Hiroshima Insight

Geibi Line

Trains brought survivors north of the A-bombed city

The Geibi Line runs between Hiroshima Station (in Minami Ward) and Bicchukojiro (in the city of Niimi). It links the five cities of Hiroshima, Akitakata, Miyoshi, Shobara, and Niimi, with 44 stations and 159.1 kilometers of track.

The origins of the Geibi Line can be traced back to the Taisho period (1912-1926) when the Geibi Tetsudo, a private railway, began operating between Hiroshima and Bingoshobara (the city of Shobara). In the early Showa period (1926-1989), along with the opening of a line between Bingoshobara and Bicchukojiro by the Japanese National Railway, the early Geibi Line was nationalized and officially became the Geibi Line in 1937.

In the aftermath of the atomic bombing, the Geibi Line ran a shuttle service from Yaga Station (in Higashi Ward), the station next to Hiroshima Station. According to such sources as the “Miyoshi City History” and the “Tojo Town History,” survivors of the A-bomb blast were brought by train to outlying stations in Mukaihara, Yoshidaguchi, Kotachi, Miyoshi, Shobara, Tojo, and other locations. The “Miyoshi City History” mentions the fact that, because it was well known that military and navy hospitals had been evacuated to several places in the northern part of Hiroshima Prefecture before the bombing, many victims headed for the northbound Geibi Line.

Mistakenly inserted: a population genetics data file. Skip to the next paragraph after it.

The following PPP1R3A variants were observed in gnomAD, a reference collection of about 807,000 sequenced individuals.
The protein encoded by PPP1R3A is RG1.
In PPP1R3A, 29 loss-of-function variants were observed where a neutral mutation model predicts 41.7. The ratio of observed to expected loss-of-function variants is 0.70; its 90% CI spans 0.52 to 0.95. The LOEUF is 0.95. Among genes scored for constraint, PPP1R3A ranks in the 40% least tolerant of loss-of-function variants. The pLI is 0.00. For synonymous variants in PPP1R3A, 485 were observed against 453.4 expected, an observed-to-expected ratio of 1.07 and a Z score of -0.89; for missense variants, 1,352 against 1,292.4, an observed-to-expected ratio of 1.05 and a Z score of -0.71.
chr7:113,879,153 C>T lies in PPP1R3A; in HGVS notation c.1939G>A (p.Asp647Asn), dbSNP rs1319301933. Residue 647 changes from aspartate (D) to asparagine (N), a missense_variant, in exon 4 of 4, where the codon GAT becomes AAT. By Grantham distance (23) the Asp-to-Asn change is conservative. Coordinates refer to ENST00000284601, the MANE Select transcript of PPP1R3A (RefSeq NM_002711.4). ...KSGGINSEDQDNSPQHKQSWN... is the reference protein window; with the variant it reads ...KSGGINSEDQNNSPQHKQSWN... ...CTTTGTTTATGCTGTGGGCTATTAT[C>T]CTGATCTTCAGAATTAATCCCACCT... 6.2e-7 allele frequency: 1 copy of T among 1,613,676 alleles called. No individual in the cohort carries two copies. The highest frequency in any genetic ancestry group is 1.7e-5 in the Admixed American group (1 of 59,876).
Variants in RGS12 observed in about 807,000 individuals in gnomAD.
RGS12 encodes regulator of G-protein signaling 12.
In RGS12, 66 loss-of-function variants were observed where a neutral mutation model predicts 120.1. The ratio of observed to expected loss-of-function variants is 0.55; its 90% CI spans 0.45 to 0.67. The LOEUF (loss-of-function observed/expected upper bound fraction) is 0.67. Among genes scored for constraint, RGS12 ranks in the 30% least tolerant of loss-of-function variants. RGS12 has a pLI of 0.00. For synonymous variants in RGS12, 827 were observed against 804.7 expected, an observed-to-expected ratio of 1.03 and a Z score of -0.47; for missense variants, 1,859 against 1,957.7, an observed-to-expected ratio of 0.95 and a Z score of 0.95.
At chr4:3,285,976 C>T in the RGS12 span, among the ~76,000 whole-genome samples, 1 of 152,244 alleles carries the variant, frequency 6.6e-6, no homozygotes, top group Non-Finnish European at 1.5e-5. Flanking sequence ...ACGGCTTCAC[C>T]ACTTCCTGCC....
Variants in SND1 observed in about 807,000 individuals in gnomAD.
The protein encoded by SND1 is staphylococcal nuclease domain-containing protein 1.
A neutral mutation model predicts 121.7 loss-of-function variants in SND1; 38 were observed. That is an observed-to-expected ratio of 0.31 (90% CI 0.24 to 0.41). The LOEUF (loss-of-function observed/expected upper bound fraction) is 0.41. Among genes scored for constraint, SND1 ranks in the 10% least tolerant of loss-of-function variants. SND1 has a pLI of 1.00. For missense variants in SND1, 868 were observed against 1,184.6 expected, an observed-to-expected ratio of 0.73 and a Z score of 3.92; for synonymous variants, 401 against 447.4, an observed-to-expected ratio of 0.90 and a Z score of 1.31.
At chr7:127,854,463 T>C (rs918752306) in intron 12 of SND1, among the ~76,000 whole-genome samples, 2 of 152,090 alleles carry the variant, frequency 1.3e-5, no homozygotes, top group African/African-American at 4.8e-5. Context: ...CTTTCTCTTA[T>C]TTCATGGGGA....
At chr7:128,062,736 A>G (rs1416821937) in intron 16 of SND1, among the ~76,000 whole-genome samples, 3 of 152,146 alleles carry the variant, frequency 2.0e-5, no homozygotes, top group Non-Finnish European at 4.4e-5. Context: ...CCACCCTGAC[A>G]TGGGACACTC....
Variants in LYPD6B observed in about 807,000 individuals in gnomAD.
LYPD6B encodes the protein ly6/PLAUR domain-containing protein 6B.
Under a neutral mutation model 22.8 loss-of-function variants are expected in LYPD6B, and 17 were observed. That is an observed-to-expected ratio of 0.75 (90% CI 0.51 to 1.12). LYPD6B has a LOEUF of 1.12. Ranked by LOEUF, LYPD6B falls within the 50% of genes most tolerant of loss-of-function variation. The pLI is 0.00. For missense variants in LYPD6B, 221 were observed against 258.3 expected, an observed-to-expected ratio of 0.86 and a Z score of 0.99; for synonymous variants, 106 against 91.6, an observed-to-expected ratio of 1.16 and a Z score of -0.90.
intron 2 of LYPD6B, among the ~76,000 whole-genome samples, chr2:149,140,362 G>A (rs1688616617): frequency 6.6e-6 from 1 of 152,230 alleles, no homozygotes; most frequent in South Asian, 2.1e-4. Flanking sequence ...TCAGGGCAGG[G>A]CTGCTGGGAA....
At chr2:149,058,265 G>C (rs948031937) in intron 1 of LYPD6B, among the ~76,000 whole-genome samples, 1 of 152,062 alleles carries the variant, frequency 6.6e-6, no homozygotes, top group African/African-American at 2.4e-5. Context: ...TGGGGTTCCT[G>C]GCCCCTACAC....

Trains to Hiroshima Station began running again on August 9, three days after the bombing.